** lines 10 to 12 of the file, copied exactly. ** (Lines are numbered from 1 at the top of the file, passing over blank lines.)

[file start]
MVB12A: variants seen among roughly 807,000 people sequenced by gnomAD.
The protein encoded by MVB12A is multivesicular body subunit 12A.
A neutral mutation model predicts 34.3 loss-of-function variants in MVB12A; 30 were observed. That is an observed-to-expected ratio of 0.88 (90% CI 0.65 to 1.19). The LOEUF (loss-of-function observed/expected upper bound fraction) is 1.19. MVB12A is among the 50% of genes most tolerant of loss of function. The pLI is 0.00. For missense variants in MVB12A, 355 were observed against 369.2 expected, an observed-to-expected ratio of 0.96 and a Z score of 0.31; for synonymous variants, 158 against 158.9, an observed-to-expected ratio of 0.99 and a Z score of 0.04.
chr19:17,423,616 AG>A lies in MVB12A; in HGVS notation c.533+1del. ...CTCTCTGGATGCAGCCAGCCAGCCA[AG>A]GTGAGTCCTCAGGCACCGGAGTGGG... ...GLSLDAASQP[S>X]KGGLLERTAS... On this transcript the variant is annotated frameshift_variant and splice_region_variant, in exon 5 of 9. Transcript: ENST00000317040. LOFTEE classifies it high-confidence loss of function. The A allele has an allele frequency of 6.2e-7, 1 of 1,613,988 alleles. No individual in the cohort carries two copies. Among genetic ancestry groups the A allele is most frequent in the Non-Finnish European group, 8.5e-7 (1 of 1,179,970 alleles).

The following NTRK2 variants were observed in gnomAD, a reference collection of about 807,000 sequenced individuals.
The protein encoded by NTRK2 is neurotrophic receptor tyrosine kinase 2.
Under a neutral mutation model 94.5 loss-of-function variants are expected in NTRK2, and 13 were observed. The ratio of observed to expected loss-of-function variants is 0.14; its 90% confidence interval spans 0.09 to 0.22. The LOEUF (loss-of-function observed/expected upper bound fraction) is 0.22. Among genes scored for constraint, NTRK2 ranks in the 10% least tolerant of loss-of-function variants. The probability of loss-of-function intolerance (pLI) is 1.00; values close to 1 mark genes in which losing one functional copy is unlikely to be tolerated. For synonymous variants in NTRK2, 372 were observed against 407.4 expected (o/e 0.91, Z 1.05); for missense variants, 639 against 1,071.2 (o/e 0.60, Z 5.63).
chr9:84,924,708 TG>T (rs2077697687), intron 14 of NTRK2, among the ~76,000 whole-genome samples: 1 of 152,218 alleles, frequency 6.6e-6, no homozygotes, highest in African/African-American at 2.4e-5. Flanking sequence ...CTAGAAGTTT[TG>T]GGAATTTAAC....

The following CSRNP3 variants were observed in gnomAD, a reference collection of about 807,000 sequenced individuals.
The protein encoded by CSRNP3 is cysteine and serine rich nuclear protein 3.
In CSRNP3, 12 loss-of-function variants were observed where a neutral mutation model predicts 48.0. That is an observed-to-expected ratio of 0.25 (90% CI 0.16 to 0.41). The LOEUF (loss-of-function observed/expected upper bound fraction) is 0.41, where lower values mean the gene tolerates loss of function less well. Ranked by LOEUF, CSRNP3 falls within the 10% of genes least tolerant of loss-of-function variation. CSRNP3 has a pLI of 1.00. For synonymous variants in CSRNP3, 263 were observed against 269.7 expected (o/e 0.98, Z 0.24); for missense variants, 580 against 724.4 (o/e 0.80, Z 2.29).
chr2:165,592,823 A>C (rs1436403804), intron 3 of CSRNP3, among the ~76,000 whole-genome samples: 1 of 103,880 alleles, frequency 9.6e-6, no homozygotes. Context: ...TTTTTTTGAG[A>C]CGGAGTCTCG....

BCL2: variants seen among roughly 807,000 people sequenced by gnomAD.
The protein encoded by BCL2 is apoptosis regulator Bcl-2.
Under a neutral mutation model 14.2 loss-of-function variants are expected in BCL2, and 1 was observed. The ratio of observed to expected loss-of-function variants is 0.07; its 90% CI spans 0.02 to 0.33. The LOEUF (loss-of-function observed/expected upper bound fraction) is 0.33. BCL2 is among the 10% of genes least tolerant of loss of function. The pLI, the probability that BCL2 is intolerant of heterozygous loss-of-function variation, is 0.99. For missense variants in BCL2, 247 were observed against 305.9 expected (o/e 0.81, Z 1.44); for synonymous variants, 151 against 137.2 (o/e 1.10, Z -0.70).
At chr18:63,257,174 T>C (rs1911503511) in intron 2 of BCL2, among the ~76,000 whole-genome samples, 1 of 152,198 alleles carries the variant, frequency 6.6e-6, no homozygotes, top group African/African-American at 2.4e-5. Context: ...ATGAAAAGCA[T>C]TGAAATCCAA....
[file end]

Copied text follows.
The protein encoded by CSRNP3 is cysteine and serine rich nuclear protein 3.
In CSRNP3, 12 loss-of-function variants were observed where a neutral mutation model predicts 48.0. That is an observed-to-expected ratio of 0.25 (90% CI 0.16 to 0.41). The LOEUF (loss-of-function observed/expected upper bound fraction) is 0.41, where lower values mean the gene tolerates loss of function less well. Ranked by LOEUF, CSRNP3 falls within the 10% of genes least tolerant of loss-of-function variation. CSRNP3 has a pLI of 1.00. For synonymous variants in CSRNP3, 263 were observed against 269.7 expected (o/e 0.98, Z 0.24); for missense variants, 580 against 724.4 (o/e 0.80, Z 2.29).
chr2:165,592,823 A>C (rs1436403804), intron 3 of CSRNP3, among the ~76,000 whole-genome samples: 1 of 103,880 alleles, frequency 9.6e-6, no homozygotes. Context: ...TTTTTTTGAG[A>C]CGGAGTCTCG....